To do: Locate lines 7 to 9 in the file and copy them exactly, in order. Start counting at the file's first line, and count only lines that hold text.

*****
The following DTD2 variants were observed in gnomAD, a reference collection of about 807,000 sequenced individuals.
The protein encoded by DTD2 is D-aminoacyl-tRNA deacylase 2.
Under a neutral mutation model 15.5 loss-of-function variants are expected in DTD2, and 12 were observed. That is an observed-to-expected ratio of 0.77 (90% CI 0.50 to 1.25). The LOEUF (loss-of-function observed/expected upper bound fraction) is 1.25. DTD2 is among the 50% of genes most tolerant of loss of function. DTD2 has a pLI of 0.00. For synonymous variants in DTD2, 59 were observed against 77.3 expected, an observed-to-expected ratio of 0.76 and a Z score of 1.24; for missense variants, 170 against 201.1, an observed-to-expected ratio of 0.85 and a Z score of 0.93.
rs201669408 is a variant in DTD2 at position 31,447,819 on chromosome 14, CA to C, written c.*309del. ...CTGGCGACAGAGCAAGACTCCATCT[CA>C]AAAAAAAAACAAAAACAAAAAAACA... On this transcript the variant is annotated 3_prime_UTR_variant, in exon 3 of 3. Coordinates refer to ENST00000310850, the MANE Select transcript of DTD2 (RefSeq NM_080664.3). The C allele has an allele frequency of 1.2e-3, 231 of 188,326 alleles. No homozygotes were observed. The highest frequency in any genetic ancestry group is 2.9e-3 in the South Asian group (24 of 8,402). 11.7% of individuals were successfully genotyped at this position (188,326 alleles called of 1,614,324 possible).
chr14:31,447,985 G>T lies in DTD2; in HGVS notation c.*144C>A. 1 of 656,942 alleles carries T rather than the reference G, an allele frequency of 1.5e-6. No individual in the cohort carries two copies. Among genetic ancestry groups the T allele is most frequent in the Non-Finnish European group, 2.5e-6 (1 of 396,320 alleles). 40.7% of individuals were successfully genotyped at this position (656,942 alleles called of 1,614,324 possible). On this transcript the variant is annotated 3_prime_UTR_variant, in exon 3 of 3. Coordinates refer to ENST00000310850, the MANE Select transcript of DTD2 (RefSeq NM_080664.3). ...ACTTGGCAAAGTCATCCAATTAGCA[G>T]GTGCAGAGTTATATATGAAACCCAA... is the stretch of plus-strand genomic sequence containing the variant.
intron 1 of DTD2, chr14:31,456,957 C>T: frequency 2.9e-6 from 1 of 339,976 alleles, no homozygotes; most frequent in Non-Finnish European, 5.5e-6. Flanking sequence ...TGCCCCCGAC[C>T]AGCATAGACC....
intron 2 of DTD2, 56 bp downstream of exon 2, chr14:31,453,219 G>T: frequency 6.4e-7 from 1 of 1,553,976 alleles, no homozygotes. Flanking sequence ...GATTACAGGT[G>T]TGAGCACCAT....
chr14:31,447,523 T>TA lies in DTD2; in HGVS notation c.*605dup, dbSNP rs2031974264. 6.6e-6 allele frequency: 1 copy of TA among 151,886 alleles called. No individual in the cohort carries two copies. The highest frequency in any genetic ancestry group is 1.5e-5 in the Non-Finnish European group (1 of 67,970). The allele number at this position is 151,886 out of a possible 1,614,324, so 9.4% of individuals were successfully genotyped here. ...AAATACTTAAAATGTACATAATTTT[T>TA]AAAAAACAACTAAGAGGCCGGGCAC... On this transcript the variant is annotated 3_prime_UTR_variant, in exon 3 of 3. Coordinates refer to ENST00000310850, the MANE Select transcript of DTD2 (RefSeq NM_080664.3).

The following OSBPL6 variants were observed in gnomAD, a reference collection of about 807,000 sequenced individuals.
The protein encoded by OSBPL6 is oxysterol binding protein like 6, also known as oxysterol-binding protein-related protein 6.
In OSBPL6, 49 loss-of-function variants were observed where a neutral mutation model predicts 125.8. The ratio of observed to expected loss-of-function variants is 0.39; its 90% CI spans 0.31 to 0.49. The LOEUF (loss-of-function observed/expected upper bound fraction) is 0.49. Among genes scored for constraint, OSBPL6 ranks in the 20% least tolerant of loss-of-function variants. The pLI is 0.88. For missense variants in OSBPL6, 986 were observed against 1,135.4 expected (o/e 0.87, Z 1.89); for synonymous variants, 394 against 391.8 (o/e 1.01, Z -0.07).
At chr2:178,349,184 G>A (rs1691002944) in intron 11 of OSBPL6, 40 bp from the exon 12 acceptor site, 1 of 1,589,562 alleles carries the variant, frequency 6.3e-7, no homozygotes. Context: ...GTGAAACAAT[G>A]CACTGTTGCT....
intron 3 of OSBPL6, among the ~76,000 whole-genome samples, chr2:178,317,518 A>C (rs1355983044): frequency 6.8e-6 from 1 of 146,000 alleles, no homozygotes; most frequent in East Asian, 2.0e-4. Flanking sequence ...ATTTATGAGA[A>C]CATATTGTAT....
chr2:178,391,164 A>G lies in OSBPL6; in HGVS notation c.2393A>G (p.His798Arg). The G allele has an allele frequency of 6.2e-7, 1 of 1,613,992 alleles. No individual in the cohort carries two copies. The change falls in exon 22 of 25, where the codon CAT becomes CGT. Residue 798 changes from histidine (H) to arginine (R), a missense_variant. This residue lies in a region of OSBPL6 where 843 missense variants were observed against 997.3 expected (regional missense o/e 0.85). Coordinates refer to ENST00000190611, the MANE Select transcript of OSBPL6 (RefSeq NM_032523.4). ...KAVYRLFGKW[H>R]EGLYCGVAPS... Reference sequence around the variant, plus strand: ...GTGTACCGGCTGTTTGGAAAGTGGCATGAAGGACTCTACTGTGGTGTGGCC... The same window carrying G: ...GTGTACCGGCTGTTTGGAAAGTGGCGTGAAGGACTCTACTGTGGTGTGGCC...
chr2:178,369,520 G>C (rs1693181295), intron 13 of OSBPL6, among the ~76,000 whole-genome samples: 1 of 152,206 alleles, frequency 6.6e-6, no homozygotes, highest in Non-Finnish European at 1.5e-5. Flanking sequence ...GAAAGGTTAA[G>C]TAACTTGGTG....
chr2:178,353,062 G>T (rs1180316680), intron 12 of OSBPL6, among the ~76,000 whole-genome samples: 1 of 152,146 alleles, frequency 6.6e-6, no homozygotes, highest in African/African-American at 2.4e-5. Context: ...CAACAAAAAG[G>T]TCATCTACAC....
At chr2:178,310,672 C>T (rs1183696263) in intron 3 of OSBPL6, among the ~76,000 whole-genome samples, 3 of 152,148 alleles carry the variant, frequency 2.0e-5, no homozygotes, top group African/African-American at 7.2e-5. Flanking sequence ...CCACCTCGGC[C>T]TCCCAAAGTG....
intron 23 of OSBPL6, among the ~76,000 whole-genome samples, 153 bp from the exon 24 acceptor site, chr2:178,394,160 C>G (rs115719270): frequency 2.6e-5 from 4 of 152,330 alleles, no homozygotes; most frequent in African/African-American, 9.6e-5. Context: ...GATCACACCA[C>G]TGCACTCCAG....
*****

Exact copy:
intron 2 of DTD2, 56 bp downstream of exon 2, chr14:31,453,219 G>T: frequency 6.4e-7 from 1 of 1,553,976 alleles, no homozygotes. Flanking sequence ...GATTACAGGT[G>T]TGAGCACCAT....
chr14:31,447,523 T>TA lies in DTD2; in HGVS notation c.*605dup, dbSNP rs2031974264. 6.6e-6 allele frequency: 1 copy of TA among 151,886 alleles called. No individual in the cohort carries two copies. The highest frequency in any genetic ancestry group is 1.5e-5 in the Non-Finnish European group (1 of 67,970). The allele number at this position is 151,886 out of a possible 1,614,324, so 9.4% of individuals were successfully genotyped here. ...AAATACTTAAAATGTACATAATTTT[T>TA]AAAAAACAACTAAGAGGCCGGGCAC... On this transcript the variant is annotated 3_prime_UTR_variant, in exon 3 of 3. Coordinates refer to ENST00000310850, the MANE Select transcript of DTD2 (RefSeq NM_080664.3).

The following OSBPL6 variants were observed in gnomAD, a reference collection of about 807,000 sequenced individuals.